The small number of patient records reviewed at some practices may limit the representativeness of the findings. As patient records were reviewed approximately 2 years following admission there was some loss of cases due to deaths or patients having left the practice where they were registered at the time of their vascular procedure.
Our sample was small compared to a recent audit of cholesterol management in cardiovascular disease in English general practices,6 which included a subset of 3617 patients with PAD. In the latter study 50% of patients with PAD had a cholesterol value 5 mmol/l compared to 75% of patients in our survey. However, our survey considered only PAD patients who had undergone a recent vascular procedure and were therefore of higher risk, whereas the cholesterol management audit collected data on all patients with a diagnosis of PAD. A study conducted in secondary care in the USA,13 which looked at a similar group of patients to our survey, also found that patients received suboptimal treatment following discharge after undergoing a vascular procedure.
Compared to aggregated 2005/2006 CHD Quality and Outcomes Framework (QoF) data for smoking, blood pressure and cholesterol indicators in patients with established CHD,14 care for patients with PAD whose records we reviewed was substandard. The proportion of patients who had blood pressure, cholesterol and smoking status checks when records were reviewed were 87% for blood pressure, 71% for cholesterol and 83% for smoking status compared to 98%, 93% and 96%, respectively, for the QoF CHD data. However, our survey considered care in the previous 12 months whereas QoF data looks at a 15 month period. Although the proportions achieving total cholesterol values 5 mmol/l were very similar (75% in this study vs 79% for QoF data), blood pressure targets were very poorly achieved (48% for patients with PAD vs 87% QoF). However, blood pressure targets in our study were lower than the QoF targets (<140/85 mm Hg and 150/90 mm Hg, respectively). Standards of care for patients with PAD who additionally had a diagnosis of CHD were similar to the QoF CHD data, with the exception of blood pressure control.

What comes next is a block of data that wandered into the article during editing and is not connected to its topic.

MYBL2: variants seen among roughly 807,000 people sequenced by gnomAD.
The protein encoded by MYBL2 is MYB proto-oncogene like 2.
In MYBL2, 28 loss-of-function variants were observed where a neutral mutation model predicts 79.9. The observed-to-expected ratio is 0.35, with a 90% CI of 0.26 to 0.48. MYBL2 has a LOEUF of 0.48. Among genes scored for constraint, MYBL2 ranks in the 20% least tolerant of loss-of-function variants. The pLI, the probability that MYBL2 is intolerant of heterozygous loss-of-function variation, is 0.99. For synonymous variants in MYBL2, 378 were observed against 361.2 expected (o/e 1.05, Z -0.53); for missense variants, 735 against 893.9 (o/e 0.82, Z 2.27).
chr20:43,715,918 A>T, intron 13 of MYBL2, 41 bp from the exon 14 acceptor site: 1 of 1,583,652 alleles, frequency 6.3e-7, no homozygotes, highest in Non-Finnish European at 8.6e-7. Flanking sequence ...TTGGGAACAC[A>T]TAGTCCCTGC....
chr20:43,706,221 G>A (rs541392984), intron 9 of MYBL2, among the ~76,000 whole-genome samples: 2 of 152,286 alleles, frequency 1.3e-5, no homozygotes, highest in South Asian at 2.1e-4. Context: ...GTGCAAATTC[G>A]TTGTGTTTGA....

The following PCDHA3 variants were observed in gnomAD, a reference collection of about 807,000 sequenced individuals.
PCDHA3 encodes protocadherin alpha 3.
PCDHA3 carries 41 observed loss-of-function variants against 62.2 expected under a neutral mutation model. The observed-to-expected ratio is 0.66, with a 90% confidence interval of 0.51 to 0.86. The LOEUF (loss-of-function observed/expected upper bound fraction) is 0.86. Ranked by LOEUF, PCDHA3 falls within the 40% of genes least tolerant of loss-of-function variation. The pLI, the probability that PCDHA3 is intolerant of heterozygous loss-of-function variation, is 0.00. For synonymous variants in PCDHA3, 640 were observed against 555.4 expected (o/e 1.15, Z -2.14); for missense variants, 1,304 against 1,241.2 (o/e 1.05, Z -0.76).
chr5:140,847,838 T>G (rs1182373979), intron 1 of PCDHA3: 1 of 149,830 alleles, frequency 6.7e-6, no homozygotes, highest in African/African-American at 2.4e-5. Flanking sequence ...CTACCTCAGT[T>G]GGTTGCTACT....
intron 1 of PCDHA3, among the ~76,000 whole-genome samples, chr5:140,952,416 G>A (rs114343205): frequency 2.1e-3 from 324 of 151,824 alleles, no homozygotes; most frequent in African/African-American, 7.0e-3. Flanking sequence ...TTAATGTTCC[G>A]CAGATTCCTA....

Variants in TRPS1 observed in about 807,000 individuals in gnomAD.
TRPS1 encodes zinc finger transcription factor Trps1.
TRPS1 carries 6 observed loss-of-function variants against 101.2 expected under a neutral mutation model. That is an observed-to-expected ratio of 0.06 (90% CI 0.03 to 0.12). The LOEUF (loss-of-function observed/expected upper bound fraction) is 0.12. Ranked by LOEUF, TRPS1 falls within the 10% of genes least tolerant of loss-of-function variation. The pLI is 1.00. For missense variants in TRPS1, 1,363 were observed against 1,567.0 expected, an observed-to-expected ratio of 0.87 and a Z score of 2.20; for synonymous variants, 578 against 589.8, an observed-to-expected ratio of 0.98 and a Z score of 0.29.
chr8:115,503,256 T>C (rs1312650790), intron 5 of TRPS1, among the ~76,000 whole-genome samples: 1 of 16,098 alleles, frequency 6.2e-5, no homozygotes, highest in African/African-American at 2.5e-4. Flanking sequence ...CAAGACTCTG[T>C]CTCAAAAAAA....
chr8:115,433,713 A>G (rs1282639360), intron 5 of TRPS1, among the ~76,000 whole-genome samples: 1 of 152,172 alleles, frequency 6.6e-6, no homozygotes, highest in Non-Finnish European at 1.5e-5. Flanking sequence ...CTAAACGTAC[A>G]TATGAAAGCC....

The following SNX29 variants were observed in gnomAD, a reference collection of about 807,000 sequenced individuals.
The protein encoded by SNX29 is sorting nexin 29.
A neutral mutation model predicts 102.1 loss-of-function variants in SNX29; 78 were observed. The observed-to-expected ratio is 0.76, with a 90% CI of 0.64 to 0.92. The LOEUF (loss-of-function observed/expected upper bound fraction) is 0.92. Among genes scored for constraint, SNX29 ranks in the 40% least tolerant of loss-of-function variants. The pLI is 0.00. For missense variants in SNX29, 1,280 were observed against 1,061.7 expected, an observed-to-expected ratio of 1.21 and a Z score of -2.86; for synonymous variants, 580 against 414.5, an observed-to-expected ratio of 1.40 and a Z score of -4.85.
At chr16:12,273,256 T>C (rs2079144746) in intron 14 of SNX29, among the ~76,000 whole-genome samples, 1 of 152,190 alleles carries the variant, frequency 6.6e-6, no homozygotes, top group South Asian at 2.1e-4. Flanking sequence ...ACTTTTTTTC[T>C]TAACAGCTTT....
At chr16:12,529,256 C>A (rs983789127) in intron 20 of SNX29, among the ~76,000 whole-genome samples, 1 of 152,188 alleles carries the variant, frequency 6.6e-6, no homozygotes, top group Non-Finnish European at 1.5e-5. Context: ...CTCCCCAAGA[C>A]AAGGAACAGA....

The recently published Scottish Intercollegiate Guidelines Network (SIGN) guidelines on the diagnosis and management of peripheral arterial disease15 include guidance on secondary prevention of cardiovascular events. Indicators that were utilised in this survey are similar to the SIGN recommendations (smoking cessation, cholesterol lowering, blood pressure control, antiplatelet treatment). However, tighter control of cholesterol is recommended by SIGN, 3.5 mmol/l compared to 5.0 mmol/l in this survey.
In spite of national and international recommendations and strong evidence of an increased risk of death due to cardiovascular disease, currently the treatment received by some patients with established PAD is substandard. There is considerable potential to increase secondary prevention of CHD in patients with PAD, using appropriate evidence based management. More attention needs to be given to this group of patients in primary care in order to improve secondary prevention.
We would like to thank all the general practices who participated in this survey, and the Clinical Governance Leads. We wish to thank all staff at the Leicestershire PCAG for their assistance and acknowledge the contribution made by Champa Patel at the planning stage and in assisting with recruitment of PCTs. We would also like to acknowledge the contribution made by Hanna Blackledge in helping identify patient records to be reviewed.
BMI - body mass index
CHD - coronary heart disease
GP - general practitioner
MI - myocardial infarction
PAD - peripheral arterial disease
PCTs - primary care trusts
SIGN - Scottish Intercollegiate Guidelines Network
QoF - Quality and Outcomes Framework
Funding: The Leicestershire Interface Audit Group provided the funding for this cross‐sectional survey.
Competing interests: None declared.